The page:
Summary of intervention

Ganglia are cystic swellings containing jelly-like fluid which form around the wrists or in the hand. In most cases wrist ganglia cause only mild symptoms which do not restrict function, and many resolve without treatment within a year. Wrist ganglion rarely press on a nerve or other structure, causing pain and reduced hand function.

 

Ganglia in the palm of the hand (seed ganglia) can cause pain when carrying objects.

 

Ganglia which form just below the nail (mucous cysts) can deform the nail bed and discharge fluid, but occasionally become infected and can result in septic arthritis of the distal finger joint.

 

Number of CCG intervention 201718

6,219

 

Recommendation

Wrist ganglia,

  • no treatment unless causing pain or tingling/numbness or concern (worried it is a cancer);
  • aspiration if causing pain, tingling/numbness or concern
  • surgical excision only considered if aspiration fails to resolve the pain or tingling/numbness and there is restricted hand.

 

Seed ganglia that are painful,

  • puncture/aspirate the ganglion using a hypodermic needle
  • surgical excision only considered if ganglion persists or recurs after puncture/aspiration.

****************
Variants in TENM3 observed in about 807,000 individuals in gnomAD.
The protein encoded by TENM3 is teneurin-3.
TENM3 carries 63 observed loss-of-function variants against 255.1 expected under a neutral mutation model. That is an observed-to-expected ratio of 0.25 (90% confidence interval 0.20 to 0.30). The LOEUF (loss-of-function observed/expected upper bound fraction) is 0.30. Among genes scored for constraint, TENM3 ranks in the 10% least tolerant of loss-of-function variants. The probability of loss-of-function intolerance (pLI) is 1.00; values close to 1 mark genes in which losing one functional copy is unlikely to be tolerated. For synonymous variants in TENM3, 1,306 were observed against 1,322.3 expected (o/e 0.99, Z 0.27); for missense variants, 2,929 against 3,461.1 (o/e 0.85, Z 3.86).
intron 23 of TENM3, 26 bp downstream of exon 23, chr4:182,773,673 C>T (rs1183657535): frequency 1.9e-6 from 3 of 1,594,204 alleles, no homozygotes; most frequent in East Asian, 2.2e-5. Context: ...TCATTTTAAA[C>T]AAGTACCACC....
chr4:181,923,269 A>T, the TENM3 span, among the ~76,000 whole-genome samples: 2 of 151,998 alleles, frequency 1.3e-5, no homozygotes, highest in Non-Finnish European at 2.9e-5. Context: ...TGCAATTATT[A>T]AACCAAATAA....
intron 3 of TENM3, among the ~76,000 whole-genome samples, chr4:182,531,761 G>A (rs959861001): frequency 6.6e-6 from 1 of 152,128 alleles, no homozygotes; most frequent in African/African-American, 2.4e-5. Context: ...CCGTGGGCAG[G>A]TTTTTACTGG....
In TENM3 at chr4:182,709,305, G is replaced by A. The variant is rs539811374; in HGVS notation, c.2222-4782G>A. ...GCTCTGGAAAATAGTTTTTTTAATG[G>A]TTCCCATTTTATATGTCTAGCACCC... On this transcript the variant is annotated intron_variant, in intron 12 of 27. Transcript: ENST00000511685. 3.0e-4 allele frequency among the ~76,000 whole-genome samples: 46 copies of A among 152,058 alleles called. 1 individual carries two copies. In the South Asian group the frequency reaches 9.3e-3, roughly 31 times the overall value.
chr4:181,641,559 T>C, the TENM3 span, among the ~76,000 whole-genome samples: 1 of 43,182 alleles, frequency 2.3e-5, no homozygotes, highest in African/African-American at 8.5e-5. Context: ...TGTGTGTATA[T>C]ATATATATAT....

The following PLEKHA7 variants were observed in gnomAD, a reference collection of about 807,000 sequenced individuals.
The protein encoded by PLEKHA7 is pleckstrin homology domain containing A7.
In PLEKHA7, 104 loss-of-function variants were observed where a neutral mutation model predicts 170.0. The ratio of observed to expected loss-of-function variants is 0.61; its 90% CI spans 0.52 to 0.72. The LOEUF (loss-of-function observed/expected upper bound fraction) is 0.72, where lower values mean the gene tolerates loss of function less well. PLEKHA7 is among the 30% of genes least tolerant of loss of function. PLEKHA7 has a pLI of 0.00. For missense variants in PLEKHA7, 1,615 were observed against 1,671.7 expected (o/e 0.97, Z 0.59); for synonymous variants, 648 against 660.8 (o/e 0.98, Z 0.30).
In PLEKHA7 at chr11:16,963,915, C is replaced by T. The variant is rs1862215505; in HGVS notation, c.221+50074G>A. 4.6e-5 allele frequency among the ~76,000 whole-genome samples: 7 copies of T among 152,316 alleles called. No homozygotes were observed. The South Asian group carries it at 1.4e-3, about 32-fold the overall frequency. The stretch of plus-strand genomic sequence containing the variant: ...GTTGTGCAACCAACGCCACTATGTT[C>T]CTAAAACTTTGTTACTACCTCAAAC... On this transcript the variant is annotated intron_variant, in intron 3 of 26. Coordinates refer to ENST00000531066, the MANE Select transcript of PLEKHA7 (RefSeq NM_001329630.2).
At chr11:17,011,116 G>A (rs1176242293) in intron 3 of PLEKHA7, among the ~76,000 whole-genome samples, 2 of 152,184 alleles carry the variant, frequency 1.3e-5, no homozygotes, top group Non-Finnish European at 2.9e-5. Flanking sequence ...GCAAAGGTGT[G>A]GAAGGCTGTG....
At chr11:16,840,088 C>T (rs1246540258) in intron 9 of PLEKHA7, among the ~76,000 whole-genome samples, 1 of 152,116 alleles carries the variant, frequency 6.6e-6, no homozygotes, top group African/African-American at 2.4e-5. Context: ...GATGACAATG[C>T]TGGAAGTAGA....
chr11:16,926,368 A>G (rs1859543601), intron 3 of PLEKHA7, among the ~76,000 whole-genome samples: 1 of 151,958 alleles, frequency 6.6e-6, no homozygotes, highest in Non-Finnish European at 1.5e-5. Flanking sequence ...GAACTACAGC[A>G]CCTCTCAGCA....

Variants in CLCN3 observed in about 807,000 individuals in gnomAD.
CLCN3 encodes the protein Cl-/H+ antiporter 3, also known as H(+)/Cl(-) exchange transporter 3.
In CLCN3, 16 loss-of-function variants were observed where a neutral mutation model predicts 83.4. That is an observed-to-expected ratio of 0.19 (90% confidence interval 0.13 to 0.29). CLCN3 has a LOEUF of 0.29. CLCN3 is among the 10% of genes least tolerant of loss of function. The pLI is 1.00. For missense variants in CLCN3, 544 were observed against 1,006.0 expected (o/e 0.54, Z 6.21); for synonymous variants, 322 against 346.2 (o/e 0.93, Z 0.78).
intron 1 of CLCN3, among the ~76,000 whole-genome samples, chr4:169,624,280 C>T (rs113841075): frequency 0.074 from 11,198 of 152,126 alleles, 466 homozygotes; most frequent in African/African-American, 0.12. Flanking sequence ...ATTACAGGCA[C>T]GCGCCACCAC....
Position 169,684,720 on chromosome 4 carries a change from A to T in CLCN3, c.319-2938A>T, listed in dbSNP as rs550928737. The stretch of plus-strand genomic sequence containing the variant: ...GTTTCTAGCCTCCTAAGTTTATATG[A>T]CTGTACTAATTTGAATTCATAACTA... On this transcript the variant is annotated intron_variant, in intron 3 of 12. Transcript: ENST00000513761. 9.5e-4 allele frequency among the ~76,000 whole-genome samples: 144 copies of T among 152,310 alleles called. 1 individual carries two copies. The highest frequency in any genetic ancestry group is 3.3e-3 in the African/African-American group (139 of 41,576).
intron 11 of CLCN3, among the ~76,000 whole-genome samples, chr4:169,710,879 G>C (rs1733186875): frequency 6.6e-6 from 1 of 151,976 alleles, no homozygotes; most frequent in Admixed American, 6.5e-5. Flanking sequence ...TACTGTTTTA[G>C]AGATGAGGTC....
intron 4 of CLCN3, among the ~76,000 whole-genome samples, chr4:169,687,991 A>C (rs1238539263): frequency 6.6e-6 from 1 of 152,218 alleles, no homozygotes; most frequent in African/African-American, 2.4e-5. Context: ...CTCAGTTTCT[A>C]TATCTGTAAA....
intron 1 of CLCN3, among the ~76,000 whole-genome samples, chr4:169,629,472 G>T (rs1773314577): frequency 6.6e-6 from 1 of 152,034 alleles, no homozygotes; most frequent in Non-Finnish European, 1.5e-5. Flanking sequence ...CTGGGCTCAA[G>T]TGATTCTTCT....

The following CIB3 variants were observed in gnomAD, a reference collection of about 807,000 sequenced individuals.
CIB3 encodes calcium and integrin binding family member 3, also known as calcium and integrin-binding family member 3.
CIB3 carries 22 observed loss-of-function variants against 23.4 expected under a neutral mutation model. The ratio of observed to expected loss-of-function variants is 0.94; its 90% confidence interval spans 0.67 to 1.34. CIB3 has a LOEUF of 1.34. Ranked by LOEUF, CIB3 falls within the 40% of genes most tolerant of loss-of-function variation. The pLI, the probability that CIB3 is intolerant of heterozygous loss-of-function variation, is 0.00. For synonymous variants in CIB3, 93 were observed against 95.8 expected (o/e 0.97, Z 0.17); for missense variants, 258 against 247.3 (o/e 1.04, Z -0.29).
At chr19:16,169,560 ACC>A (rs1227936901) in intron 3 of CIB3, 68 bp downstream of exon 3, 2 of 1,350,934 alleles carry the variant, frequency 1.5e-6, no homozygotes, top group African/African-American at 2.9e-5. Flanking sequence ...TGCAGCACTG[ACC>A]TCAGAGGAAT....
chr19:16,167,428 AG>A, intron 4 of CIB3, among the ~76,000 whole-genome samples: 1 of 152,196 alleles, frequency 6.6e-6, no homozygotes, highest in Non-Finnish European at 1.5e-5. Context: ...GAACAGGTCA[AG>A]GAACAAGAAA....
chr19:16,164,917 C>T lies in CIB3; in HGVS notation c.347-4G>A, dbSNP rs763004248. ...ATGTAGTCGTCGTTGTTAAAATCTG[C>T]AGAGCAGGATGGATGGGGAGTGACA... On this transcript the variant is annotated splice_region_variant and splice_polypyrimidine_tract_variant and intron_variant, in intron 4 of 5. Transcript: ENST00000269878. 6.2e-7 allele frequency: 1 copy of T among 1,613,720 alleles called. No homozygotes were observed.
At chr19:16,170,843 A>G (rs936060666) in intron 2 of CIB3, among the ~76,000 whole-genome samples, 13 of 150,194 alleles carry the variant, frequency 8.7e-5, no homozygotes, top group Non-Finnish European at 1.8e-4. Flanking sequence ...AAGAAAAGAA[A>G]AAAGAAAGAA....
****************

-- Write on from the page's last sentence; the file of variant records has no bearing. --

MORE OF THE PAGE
Mucous cysts no surgery considered unless recurrent spontaneous discharge of fluid or significant nail deformity.

 

Rationale for recommendation

Most wrist ganglia get better on their own. Surgery causes restricted wrist and hand function for 4-6 weeks, may leave an unsightly scar and be complicated by recurrent ganglion formation. Aspiration of wrist ganglia may relieve pain and restore hand function, and “cure” a minority (30%). Most ganglia reform after aspiration but they may then be painless. Aspiration also reassures the patient that the swelling is not a cancer but a benign cyst full of jelly.

Complication and recurrence are rare after aspiration and surgery for seed ganglia.

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